Chemical Metering Pumps
Blue-White® Chemical Metering Pumps
Blue-White® Chemical Metering Pumps are constructed with over 65 years of engineering experience and offer high-performance capabilities for a wide range of processes.
Whether you’re dealing with industrial or municipal water treatment, pool and spa sanitation, oil and gas production, power generation, or food and beverage production, our technical and support teams have the tools and resources to help you overcome your fluid challenges.
Explore Chemical Metering Pump Technologies
Explore Case Studies
Chemical Metering Pumps FAQ
Chemical metering refers to the transfer of chemicals to a process in a way that is consistent and repeatable.
Chemical metering pumps (dosing or chemical pumps) are positive displacement pumps designed to allow the user to manually or automatically change the dosing capacity or the amount of liquid transferred from one point to another. They’re a particular type of pump used for precise and repeatable transfer of various fluids. Metering pumps differ from transfer pumps, which simply move liquid from one place to another, where precision or repeatability is not the focus.
The primary sectors that buy and use metering pumps are:
- Power production
- Food and beverage production
- Treatment of potable water and wastewater
- Processing of chemicals and petrochemicals
- Oil and gas production
- Treatment of industrial process water (cooling towers and boilers)
Chemical metering pumps typically consist of the following basic components:
- Motor or Drive Unit
- Liquid End
- Pump Head
- Drive Mechanism
- Flow Adjustment
- Control System
There are several types of chemical metering pumps available on the market. Some of the most common types include:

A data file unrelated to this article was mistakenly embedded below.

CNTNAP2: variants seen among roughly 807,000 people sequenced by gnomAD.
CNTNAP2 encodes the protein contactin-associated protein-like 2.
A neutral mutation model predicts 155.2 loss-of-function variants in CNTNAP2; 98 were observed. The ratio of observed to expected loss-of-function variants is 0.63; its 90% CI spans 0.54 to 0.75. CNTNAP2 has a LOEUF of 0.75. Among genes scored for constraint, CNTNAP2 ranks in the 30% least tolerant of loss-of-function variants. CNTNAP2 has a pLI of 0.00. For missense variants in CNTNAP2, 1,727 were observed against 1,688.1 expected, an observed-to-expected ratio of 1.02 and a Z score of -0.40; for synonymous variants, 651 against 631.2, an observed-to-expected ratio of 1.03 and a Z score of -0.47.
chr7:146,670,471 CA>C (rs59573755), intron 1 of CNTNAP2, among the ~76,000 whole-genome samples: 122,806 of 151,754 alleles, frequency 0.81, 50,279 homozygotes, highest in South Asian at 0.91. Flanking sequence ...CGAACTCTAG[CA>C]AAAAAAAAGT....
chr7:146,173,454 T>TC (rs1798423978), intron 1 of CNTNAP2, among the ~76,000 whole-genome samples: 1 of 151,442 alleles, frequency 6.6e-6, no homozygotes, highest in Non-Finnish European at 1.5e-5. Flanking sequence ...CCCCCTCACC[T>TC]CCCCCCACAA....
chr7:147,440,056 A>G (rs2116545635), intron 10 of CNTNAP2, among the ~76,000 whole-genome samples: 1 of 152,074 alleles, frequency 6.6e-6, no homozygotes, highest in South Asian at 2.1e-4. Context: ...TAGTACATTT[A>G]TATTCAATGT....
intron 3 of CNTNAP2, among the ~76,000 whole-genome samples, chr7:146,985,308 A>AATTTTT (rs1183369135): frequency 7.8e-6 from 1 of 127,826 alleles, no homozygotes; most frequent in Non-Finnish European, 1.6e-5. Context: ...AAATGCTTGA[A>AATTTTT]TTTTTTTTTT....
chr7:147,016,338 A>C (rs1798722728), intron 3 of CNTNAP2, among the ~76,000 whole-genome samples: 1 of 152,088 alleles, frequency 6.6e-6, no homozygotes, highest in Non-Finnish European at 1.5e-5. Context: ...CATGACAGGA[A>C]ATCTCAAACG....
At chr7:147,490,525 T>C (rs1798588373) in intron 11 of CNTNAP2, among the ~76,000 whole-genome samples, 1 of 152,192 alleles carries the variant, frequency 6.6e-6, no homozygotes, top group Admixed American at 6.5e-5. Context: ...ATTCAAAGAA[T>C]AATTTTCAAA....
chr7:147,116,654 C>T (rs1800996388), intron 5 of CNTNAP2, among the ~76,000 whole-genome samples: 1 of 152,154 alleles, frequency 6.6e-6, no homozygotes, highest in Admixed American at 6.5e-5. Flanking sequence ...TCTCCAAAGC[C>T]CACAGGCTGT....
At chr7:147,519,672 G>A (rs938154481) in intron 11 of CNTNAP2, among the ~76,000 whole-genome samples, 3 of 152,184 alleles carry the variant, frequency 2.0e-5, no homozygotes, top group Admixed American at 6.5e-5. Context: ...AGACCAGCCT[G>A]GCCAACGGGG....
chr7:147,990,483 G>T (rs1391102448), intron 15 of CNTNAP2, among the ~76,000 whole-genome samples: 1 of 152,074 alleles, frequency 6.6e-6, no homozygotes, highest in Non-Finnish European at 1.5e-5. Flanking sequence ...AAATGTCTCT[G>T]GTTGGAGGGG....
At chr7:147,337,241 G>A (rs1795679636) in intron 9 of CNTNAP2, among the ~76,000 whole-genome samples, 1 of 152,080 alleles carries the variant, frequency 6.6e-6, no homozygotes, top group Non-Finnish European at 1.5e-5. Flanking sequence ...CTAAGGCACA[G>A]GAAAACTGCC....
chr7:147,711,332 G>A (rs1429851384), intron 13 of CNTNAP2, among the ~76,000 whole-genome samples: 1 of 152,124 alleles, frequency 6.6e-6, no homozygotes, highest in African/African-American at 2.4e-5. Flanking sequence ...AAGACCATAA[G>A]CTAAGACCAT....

- Diaphragm metering pumps: These pumps use a diaphragm to push the chemical solution through the discharge valve and into the process stream. Diaphragm pumps excel at overcoming high system pressures.
- Piston metering pumps: These pumps use a piston to push the chemical solution through the valve and into the process stream. Piston pumps can deliver high pressure and flow rates, but they can be more complex and expensive than diaphragm pumps.
- Peristaltic metering pumps: These pumps use a rotating roller to squeeze a flexible tube and push the chemical solution through the discharge fitting and into the process stream. Peristaltic pumps are highly accurate, easy to maintain, and can handle a wide range of chemicals. Peristaltic pumps excel at pumping against low system pressure at low motor speeds.
- Solenoid metering pumps: These pumps use an electromagnetic solenoid to push the chemical solution through the valve and into the process stream. Solenoid pumps are highly cost-effective, but they are susceptible to vapor lock issues when pumping chemicals that off gas.